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Wednesday 2 October 2013 8:05am

Late last year, the University formally recognised 14 Research Centres. Designation as a Research Centre signals the excellence and coherence of the research group's endeavours. Continuing our Research Centre Series, the Bulletin takes a look at the Centre for Translational Cancer Research.

Director of the CTCR Professor Parry Guilford. Photo: Alan Dove.

The Centre for Translational Cancer Research (CTCR) combines major University of Otago research groups in cancer genetics and cancer immunology with leading oncologists and cancer surgeons. Their goal is to improve the survival and quality of life of cancer patients by bringing new and more effective options for diagnosis and treatment.

Translational cancer research aims to address very defined clinical problems. These include accelerating the development of new drugs, diagnostics, and other tools that assist clinicians.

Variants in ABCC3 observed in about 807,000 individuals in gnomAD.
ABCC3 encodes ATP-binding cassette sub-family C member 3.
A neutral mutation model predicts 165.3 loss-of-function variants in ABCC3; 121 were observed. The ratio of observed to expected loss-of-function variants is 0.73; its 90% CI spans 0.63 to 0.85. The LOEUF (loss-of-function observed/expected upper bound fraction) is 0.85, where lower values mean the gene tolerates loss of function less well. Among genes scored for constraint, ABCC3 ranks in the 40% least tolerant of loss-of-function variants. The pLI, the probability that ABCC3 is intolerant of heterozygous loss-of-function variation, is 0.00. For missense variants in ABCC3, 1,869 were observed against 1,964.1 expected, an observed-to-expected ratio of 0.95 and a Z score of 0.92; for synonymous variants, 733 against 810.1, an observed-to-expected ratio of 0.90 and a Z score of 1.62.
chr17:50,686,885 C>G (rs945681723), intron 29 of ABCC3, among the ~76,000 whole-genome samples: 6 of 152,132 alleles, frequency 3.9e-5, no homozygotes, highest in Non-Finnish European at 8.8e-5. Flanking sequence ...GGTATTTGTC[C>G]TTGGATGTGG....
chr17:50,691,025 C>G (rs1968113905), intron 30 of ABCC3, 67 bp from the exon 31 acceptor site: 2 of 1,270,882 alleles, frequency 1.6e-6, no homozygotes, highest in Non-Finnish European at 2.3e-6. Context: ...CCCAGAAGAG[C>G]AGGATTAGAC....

Director of the CTCR Professor Parry Guilford, who works with both a fatal form of inherited stomach cancer and bladder cancer, has seen the development of diagnostic tools that have profound life-saving effects.

“Tumours develop by acquiring mutations in genes that control cell proliferation, survival and migration. Although these mutations help the development of the cancer cells, they can also create weaknesses. We are working to exploit those weaknesses.”

Multiple vulnerabilities have been identified in cancers with mutations in the tumour suppressor gene CDH1. Drugs that exploit some of these vulnerabilities are being rapidly progressed for common forms of breast and stomach cancer. The same approach will soon be applied to colorectal cancer.

The Cancer Genetics Laboratory in the Biochemistry building is a hub for key staff. However CTCR researchers are based in several sites throughout the campus in Dunedin and in Christchurch.

To learn more about the different areas of research at the CTCR, visit or email

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